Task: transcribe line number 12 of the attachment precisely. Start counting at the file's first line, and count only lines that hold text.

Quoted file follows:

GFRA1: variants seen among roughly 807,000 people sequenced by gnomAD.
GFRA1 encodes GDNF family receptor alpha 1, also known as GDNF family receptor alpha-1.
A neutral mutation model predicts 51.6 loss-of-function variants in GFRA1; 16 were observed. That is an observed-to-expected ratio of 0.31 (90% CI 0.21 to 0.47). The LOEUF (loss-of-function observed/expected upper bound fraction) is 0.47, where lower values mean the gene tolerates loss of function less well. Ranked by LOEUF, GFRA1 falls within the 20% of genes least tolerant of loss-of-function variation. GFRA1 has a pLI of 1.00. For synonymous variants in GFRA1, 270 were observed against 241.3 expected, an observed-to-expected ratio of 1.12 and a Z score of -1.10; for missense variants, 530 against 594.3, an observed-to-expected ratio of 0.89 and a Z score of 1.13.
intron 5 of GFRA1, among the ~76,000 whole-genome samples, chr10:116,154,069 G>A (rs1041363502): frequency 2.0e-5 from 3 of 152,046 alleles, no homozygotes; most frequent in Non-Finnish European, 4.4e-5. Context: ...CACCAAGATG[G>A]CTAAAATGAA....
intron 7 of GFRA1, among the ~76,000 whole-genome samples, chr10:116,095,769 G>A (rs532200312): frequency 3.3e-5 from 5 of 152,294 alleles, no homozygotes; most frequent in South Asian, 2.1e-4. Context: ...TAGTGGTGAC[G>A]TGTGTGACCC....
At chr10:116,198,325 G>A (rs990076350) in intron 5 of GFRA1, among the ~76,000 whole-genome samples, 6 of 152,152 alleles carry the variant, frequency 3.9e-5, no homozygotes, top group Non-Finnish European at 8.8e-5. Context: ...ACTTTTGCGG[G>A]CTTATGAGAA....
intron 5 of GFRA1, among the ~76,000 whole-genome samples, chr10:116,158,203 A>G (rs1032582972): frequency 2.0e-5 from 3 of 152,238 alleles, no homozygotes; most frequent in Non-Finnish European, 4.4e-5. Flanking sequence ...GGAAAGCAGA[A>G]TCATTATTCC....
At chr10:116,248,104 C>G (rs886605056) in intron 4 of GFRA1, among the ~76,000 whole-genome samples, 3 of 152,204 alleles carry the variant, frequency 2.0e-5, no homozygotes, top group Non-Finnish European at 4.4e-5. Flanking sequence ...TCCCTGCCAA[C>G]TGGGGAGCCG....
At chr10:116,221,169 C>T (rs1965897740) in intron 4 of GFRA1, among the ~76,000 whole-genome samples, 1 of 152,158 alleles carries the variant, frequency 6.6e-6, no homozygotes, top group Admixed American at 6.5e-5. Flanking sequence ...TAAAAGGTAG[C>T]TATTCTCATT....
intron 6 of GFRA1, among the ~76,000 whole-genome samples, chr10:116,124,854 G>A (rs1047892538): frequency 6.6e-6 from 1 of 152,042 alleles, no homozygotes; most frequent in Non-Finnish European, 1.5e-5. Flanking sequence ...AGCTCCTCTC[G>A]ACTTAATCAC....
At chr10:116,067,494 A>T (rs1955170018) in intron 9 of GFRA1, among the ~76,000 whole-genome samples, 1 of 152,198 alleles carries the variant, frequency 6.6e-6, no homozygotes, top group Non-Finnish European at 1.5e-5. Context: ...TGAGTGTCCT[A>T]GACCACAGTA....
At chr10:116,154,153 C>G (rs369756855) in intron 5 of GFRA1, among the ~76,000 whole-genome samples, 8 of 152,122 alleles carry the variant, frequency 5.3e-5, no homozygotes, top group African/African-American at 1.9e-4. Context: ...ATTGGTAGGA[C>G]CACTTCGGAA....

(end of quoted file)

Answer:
At chr10:116,154,153 C>G (rs369756855) in intron 5 of GFRA1, among the ~76,000 whole-genome samples, 8 of 152,122 alleles carry the variant, frequency 5.3e-5, no homozygotes, top group African/African-American at 1.9e-4. Context: ...ATTGGTAGGA[C>G]CACTTCGGAA....